Beth Guertal's excellent webcast on "Fact, Myth, and Legend in Soil Fertility" (watch on Turfnet here) starts with facts and myths about nitrogen. One of the facts is this one -- N fertilizer rates are not based on the amount of N in the soil.
The reason for this is simple. Grass roots take up nitrogen in the nitrate and ammonium forms. Turfgrass soils have relatively low concentrations of nitrogen, compared to the amount the grass will use. This chart shows the soil inorganic nitrogen (N in the ammonium and nitrate forms) from the Global Soil Survey samples as of August 2014, with each dot representing a single soil producing good performing turf. The red line is the median of those data (7.85 ppm) and the green line is the amount of N there would need to be in the soil to supply an annual rate of 20 g N m-2 (4 lbs N/1000 ft2).
The soils producing turf have much less N in them, at any one time, than the grass will use over the upcoming months. Using the 6.7 conversion factor (explained here and here) for 1 g of an element applied to the surface, converted to ppm in the top 10 cm of the soil, there would have to be 134 ppm (20 * 6.7) of nitrogen in the soil to supply the amount the grass would use. That much N would be toxic, and that much N could cause uncontrolled growth if it didn't kill the grass -- that is not the way turf gets fertilized.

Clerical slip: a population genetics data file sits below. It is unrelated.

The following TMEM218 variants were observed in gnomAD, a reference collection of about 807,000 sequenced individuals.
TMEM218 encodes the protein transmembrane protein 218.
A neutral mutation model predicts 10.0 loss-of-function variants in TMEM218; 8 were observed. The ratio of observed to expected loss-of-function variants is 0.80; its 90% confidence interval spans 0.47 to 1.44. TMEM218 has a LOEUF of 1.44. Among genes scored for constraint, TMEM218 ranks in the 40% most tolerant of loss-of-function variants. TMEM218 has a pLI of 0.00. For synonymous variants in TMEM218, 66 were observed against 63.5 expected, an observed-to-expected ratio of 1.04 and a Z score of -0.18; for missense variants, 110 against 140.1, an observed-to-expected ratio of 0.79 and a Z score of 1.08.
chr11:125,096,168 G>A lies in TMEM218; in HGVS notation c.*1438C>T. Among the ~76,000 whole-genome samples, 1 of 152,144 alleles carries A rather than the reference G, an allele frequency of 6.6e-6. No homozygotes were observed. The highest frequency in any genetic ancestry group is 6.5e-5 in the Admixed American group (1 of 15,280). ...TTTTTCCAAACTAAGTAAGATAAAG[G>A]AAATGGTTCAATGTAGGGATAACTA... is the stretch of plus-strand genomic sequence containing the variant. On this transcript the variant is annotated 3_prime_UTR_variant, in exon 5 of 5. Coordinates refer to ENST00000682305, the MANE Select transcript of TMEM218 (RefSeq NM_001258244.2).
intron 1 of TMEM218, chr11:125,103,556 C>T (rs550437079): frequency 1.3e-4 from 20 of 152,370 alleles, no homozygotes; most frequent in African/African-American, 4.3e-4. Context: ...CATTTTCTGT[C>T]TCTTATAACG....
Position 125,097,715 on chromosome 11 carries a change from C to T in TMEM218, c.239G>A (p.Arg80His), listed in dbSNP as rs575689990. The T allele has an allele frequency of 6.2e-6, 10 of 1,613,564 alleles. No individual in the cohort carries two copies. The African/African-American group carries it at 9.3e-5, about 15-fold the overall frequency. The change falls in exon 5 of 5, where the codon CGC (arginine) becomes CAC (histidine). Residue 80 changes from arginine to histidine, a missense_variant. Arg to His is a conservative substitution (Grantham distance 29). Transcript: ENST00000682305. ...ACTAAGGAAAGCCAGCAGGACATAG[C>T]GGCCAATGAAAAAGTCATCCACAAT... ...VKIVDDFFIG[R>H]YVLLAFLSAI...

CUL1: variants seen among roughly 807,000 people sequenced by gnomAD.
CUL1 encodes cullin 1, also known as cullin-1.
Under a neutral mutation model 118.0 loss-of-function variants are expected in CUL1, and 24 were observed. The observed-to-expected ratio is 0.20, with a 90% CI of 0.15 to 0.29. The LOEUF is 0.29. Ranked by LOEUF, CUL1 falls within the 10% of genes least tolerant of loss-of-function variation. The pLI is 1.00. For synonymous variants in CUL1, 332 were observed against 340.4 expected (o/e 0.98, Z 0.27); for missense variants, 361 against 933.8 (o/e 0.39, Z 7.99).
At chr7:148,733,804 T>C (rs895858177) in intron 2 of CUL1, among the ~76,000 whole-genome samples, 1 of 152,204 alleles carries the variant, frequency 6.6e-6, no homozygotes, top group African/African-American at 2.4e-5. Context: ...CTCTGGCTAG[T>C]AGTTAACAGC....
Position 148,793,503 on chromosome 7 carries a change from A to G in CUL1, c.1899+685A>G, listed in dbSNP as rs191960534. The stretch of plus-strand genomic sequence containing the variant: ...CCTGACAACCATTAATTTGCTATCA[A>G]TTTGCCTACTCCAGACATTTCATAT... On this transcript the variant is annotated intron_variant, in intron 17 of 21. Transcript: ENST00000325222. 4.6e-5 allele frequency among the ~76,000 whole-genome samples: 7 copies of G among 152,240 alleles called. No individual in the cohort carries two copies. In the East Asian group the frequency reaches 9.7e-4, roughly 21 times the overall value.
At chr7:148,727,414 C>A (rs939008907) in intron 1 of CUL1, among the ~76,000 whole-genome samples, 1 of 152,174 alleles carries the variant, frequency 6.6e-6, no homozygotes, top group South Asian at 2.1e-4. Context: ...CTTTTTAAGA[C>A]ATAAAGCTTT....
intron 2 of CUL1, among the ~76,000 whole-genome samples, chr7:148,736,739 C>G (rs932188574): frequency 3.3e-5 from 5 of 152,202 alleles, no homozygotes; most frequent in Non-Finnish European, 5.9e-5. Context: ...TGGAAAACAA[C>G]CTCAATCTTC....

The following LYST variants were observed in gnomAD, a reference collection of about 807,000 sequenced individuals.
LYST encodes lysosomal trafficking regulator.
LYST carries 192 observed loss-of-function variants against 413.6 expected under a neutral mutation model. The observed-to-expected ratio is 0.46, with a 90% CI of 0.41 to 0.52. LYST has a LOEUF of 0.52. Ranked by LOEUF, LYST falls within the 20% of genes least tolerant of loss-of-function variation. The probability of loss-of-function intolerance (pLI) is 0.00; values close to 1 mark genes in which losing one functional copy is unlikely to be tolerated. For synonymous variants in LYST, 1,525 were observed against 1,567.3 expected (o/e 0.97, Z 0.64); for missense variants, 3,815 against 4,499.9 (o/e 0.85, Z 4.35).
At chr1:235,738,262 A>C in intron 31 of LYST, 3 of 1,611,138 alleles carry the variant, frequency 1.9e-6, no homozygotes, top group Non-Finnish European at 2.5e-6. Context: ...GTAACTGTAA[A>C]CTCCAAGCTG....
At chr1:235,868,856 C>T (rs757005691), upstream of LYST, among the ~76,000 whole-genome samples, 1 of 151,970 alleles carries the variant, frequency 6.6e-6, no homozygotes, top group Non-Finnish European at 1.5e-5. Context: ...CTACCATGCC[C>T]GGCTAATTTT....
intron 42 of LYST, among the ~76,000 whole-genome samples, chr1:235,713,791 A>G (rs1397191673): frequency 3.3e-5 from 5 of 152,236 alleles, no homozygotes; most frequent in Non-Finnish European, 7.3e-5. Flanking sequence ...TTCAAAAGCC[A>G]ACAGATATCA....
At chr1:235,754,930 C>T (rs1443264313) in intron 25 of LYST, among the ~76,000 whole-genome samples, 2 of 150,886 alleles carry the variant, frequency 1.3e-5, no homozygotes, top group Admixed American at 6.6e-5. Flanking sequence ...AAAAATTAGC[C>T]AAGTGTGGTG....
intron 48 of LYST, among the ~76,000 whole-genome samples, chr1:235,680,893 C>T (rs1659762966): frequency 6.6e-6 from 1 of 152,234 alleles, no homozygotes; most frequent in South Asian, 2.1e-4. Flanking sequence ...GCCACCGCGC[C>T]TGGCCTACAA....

Because the amount of N in the soil is so much less than the amount the grass will use, soil tests for nitrogen are not useful as a predictor of fertilizer nitrogen.
Elements for which a soil test can predict fertilizer requirements will have levels of the element in the soil, compared to the amount the grass will use, looking completely different than shown above for nitrogen. Take a look at the same soils (data here), but this time with the Mehlich 3 K (potassium) plotted.
The green line (67 ppm) shows the estimated amount of K that the grass would use over the time that 20 g N m-2 were supplied. And the red line (70 ppm) shows the median Mehlich 3 K of the Global Soil Survey samples. The green line is the amount the grass may use, and all the black dots to the left of that will require fertilizer K. But unlike the chart for N, there are also some soils with K well to the right of the green line. In those soils, the amount of K in the soil is more than the amount the grass will use, and fertilizer K would not be required.
Because the distribution of K in soils includes levels of K that are both less than the grass will use, and more than the grass can use, one can use soil tests to determine K fertilizer recommendations.
For more about this, see: